You have (at most) three choices for cloud-based navigation: Google, Networks in Motion, and TeleNav. Your cell phone provider may offer only one service for the device you own. Networks in Motion products are available exclusively through carriers, and sometimes carry brand names other than NIM. TeleNav's products may be branded as TeleNav or with the carrier's name. The Verizon VZ Navigator and Sprint AAA Mobile services rely on Networks in Motion's technology, while AT&T Navigator, Sprint Navigation, and T-Mobile TeleNav GPS Navigator work with TeleNav. Google Maps is free to use on supported handsets.
Dedicated GPS Device
Best for: People who regularly need navigation help and want a large screen and an intuitive interface. Hardware tested: Garmin Nuvi 265WTPrice: $170 (street)
You can save money by using a smartphone instead of a dedicated GPS device for navigation, but you may not save much. For less than $200, you can purchase a dedicated device with a 4.3-inch screen--the most common size for such devices, and significantly larger than the screen on any smartphone--treated with an antiglare coating that makes reading text on it easier than reading the material on a phone screen. Even better, you can make a phone call and obtain directions simultaneously. And you may not have to pay for an ongoing subscription (though real-time traffic data may involve a recurring fee).
A dedicated GPS device mounts on your vehicle's dashboard or windshield. All of the maps and points-of-interest data reside on the device--either on an SD Card or in memory that the manufacturer builds in to the device-so you do not have to maintain a data connection. Most GPS devices support text-to-speech for delivering turn-by-turn directions.
Dedicated devices do have a few drawbacks, though. A GPS app on your cell phone may download updates over your data connection; but with a dedicated GPS unit, you must download updates on your PC and then load the data onto your device. Also, whereas updates for phone apps are usually free, manufacturers of dedicated devices often charge for updates.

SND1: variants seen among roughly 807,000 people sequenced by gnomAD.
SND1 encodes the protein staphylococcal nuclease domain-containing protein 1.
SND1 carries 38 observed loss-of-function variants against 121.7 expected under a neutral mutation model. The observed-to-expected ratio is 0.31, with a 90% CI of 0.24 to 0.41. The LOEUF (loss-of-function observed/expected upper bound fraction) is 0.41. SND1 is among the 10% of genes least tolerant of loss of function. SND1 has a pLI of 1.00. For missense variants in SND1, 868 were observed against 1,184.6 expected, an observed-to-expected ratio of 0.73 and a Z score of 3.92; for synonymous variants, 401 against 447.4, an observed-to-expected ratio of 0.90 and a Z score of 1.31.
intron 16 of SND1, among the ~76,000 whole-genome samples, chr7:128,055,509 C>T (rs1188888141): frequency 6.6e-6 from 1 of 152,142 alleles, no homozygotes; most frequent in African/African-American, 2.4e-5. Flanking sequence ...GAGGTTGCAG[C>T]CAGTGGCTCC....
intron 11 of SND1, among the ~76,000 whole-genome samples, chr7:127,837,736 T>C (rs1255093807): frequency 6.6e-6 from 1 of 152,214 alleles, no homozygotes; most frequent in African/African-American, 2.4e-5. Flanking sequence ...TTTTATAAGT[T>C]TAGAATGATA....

High-end dedicated GPS devices include premium features such as a Bluetooth speakerphone interface, real-time traffic information, 3D buildings and landmarks, and speech recognition. But the speech recognition on these devices is less accurate than the technology on either the Nexus One platform or the BlackBerry Bold's AT&T Navigator service. The Bluetooth phone interface on a dedicated GPS device may not be able to read contacts from your cell phones, either, in which case you'll have to enter your contacts manually. In contrast, smartphone apps take advantage of the handset's phone book, so you never have to reenter phone numbers.
The $170 Garmin Nuvi 265WT that I tested came equipped with a 4.3-inch, 480-by-272-pixel-resolution touchscreen that I found easy to read, even in direct sunlight. Some entry-level models come with 3.5-inch screens; more-expensive models may have 4.7-inch, 5-inch, or 7-inch screens.
The Nuvi 265WT offers access to a database of 6 million points of interest, searchable by name or category. Many categories have subcategories to help you refine your search. You can search for points of interest in your current location, in a different city, or along your route.
Garmin ships the Nuvi 265WT with complete Navteq maps for the United States and Canada, and as part of the deal you also get free lifetime traffic updates.
The Nuvi 265WT's Bluetooth phone interface--a premium feature--won't read the contacts stored in your cell phone, but it will dial points of interest directly. In my informal tests, both incoming and outgoing calls sounded good on it.
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Magellan's RoadMate 1445T ($160) offers free lifetime traffic information and directs you to the proper lane for the next turn. TomTom's XL 340S (about $150) features IQ Routes, which uses historical traffic and speed data to calculate an optimal route. To receive live traffic on the XL 340S, however, you must purchase an optional traffic receiver.
Each of those products carries a 4.3-inch screen. Similar products with 3.5-inch screens cost less. Garmin's Nuvi 265T ($160) is identical to the 265WT except for a smaller screen; likewise, the TomTom One 140S ($130) is essentially a 3.5-inch version of the XL 340S. Magellan's RoadMate 1340 ($150) closely resembles the 1445T--and also has a 3.5-inch screen-but lacks a traffic feature.
Two-Way Connected Device
Best for: People who don't have a smartphone but want navigation help, live traffic, weather, and search information. Hardware tested: TomTom XL 340S LivePrice: $240 (street)